[Purdue-pm] reading JSON with different programming languages

derrick derrick at csociety.org
Mon Apr 28 10:44:05 PDT 2014

the json is valid so part you can read it in part 1. part 2 is to update 
some values in the file and write the data back to disk.

On 04/28/2014 01:39 PM, Bradley Andersen wrote:
> maybe i am missing something, but, according to http://jsonlint.com/,
> http://www.csociety.org/~kearneyd/tmp/purduepm_json_challenge_1.json is
> valid json ...
> On Mon, Apr 28, 2014 at 1:35 PM, derrick <derrick at csociety.org> wrote:
>> Wow, I think I really messed this one up!
>> I was working on the first part of the challenge problem this weekend and
>> had a huge brain fart. I need your help to getting this sample json file
>> cleaned up.
>> In our last meeting we learned about the JSON file format. I created the
>> sample json file I wanted to use for the first part of the challenge, but I
>> accidentally mixed up some of values while I was writing the file. To make
>> things worst, my favorite text editor mysteriously now opens json files in
>> read only mode, so I can't just go in and fix it by hand (ugh, technology).
>> I uploaded the file here:
>> http://www.csociety.org/~kearneyd/tmp/purduepm_json_challenge_1.json
>> While I sort things out with my system, if you have a bit of extra time,
>> can you write a program that will do the following:
>> 1) Read and Parse the JSON file.
>> Read the json file into memory and parse it into data structures that best
>> fit the programming language you are using. There are 6 data types you need
>> to worry about:
>> Primitive Types:
>> * null
>> * booleans
>> * strings
>> * numbers
>> Structured Types:
>> * arrays
>> * objects
>> More information about the json file format can be found here:
>> http://json.org/
>> The file represents a dictionary, or hash table, or associative array.
>> There is probably a library available in your programming language, you
>> can use to quickly read and parse the file. The json.org website has a
>> list of some libraries for popular programming languages.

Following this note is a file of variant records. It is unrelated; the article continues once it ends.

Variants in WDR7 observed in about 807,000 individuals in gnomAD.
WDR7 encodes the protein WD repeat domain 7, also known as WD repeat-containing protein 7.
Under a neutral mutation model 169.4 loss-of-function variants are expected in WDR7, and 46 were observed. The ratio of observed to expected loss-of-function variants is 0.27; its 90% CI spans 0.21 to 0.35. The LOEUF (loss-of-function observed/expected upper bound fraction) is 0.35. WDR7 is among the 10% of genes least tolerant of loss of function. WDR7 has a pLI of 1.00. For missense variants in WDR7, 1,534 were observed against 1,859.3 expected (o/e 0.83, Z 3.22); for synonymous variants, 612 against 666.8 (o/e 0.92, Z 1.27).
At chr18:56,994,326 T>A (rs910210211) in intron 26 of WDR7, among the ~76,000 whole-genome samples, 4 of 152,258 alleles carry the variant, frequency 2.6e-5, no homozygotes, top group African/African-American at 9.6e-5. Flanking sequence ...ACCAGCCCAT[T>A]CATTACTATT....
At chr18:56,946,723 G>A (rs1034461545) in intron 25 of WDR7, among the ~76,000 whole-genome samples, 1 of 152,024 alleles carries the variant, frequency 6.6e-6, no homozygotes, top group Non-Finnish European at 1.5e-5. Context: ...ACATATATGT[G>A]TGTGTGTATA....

>> After parsing the file into your language's data structures, you should
>> print the values stored in the data structures to stdout or another file to
>> make sure you are reading the data properly. don't just print the file
>> after reading it.
>> 2) Fix the JSON file and write it back to disk.
>> Here is where it gets tricky. Even though the json file was syntactically
>> correct, I made some mistakes in the data that is stored in it. Here is a
>> summary of what I wanted for each key in the dictionary :
>> * null_value should be a json NULL or None value, not a string.
>> * boolean_true should be a json true value, not false
>> * boolean_false should be a json false value, not true
>> * integer_number should be the integer representation of its current
>> value, not the floating point representation (ie 3)
>> * number_examples -> "not a number" should not even be in the dictionary,
>> lets remove it.
>> * in "array", the string "value5" should read "value4" to match "key4"
>> Can you write a program to make these specific changes? Don't forget to
>> comment your code. If you find an interesting way of addressing elements
>> inside of the structure, please highlight that in your code. For example,
>> how would you find the value for "key4" in the file? If there were multiple
>> dictionary keys named "key4" in the file, how could you make sure you were
>> addressing the correct one?
>> The data in the outputted file should look something like like this:
>> {
>>      "null_value": null,
>>      "boolean_true": true,
>>      "boolean_false": false,
>>      "string": "this is my string.",
>>      "integer_number": 3,
>>      "number_examples": {
>>          "positive integer": 9,
>>          "negative integer": -1,
>>          "float": 2.3,
>>          "positive_exponent": 4.35e+58,
>>          "negative_exponent": 4.3508e-93
>>      },
>>      "array": [true,null,["value3"],{"key4":"value4"}]
>> }
>> Note that the order of the keys (null_value, boolean_true, boolean_false,
>> ...) does not matter since the pairs of a json object are unordered.
>> We'll discuss how to perform these actions in the different programming
>> languages people chose to use in the next meeting on May 20, 2014.
>> Thanks,
>> dsk
>> On 04/15/2014 02:30 PM, Mark Senn wrote:
>>> Derrick Kearney is going to prepare some JSON and the following people
>>> will talk and/or write about how they read it with the following
>>> programming languages before or at the Purdue Perl Mongers meeting on
>>> May 20, 2014.  Send email to markiest at purdue.edu (remove "iest" from
>>> the email address) with any corrections or additions to the below list.
>>> LANGUAGE       WHO
>>> Mathematica    Mark Senn
>>> Perl           Dave Jacoby
>>> PHP            Chris Orr
>>> pro            Mark Senn
>>> Python         Joe Kline
>>> Ruby           Rick Westerman
>>> Mark Senn, Systems Programmer, Engineering Computer Network, Purdue
>>> University
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